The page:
It's all good theory, but pratical not so much.
A VHS tape of 5 hours playtime, could store upwards 2GB when i examined it, in 2000~(which by that time, still was alot, but transfer speeds was like USAFred said.. SLOW.
A Minidisc can store 120MB
A casette tape can store about 4MB
The article itself, says it all; its all about medium; there have been plenty of progression from the 1980 casette tapes.
or to quote the article:
Just like with hard drives, the right magnetic layer is only a part of the equation. Positioning read/write heads over 56.2-nm wide tracks on a tape that is streamed at a speed of approximately 15 km/h is challenging. To do so, IBM and Fujifilm developed a low friction tape head technology that can position its ultra-narrow 29nm-wide TMR read sensor at an accuracy of 3.2nm.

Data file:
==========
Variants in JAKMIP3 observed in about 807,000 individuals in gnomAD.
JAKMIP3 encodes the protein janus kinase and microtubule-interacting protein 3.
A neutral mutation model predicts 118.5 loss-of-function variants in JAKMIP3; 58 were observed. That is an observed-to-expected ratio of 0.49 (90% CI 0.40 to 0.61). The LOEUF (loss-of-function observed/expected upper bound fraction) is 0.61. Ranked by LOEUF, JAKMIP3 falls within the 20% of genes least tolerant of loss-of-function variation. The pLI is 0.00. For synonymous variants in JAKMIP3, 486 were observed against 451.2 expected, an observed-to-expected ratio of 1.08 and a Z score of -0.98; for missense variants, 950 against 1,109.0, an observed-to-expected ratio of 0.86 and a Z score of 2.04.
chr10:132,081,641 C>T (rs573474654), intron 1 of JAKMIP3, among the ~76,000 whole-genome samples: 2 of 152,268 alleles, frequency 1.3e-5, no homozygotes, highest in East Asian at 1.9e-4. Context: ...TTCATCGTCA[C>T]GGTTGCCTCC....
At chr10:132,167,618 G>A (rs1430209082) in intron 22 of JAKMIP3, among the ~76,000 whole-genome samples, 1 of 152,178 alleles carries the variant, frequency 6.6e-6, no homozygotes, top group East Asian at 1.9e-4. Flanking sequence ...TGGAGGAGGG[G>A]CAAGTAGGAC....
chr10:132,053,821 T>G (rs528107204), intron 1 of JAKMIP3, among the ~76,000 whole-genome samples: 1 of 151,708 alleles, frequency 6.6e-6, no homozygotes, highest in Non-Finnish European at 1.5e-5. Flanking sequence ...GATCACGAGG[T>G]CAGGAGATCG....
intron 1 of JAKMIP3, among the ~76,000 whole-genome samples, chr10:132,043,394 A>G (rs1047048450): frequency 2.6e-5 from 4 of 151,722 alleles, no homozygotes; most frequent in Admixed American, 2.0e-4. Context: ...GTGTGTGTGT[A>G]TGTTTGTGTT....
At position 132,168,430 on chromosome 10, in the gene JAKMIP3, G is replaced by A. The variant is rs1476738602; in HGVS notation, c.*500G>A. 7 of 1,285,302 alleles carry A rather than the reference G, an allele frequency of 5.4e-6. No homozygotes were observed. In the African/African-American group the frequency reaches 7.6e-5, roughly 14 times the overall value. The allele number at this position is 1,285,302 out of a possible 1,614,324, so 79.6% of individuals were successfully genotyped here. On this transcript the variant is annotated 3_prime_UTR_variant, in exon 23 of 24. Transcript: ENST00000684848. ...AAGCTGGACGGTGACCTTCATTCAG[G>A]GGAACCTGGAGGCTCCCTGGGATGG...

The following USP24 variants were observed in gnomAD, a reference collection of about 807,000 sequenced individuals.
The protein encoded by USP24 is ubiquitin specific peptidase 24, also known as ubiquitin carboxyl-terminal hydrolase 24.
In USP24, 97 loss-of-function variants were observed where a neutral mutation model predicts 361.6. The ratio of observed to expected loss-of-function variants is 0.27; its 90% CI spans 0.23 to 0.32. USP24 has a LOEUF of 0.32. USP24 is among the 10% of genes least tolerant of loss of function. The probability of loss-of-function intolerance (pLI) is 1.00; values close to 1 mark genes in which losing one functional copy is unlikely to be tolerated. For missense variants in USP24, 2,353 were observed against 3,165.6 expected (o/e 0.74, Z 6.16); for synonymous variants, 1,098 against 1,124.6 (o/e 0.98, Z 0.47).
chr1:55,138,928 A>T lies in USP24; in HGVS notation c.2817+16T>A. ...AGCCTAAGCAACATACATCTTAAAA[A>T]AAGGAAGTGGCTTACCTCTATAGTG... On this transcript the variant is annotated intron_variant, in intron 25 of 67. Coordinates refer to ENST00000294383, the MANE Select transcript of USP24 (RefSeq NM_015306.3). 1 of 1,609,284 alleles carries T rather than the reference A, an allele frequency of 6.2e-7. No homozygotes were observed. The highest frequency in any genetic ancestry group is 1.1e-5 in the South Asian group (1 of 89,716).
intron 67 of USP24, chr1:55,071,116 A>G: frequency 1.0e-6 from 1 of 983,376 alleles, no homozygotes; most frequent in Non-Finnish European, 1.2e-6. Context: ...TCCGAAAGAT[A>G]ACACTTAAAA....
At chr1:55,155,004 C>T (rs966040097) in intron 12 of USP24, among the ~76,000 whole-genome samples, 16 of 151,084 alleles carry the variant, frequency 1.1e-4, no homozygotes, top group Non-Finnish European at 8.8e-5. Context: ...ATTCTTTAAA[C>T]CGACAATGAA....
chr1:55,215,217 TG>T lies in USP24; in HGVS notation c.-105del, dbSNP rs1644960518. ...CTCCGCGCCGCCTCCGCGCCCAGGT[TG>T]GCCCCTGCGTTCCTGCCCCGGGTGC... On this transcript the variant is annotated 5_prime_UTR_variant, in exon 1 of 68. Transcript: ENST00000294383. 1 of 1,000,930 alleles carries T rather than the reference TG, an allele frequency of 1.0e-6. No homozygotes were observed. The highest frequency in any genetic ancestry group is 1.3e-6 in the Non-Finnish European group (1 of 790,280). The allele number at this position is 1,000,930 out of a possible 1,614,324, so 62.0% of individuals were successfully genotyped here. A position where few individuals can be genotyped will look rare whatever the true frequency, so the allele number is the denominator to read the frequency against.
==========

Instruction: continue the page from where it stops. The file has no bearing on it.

Now remember those accuracy has to last for 30 years+.
It's no small steps done.
Also physical sizes is about what fits in current gear. LTO is made to fit inside a 5.25" slot at its tiniest place; Making them smaller would mean less storage/more expensive pr carddige pr MB/no clear benefiths over QLC+/HDD's. Making them larger would mean they need to develop a new supplychain of devices/infrastructure/robots/cabinets/etc. It's no small feat.
An LTO doesn't have multiple spindles, because, there is just one tapestream.
Instead they have 32+(LTO7 or later) tracks that can be read by each read/write element.
With 3584 tracks on each tape, it therefor still requires 112 rounds before you fill entire tape.
Also, the transferspeeds of tapes is quite good; 300MB/sec for uncompressed data at LTO7.
Finaly LTO has a RFID tag on them, that can be used much smarter with "offline" storage, unparallel to what 'offline' hdds/ssds offers.
So, yes, it take's some time to seak a tape, approx a minute, but for its intended usage, tape's other superioritys simply outshine the alternatives.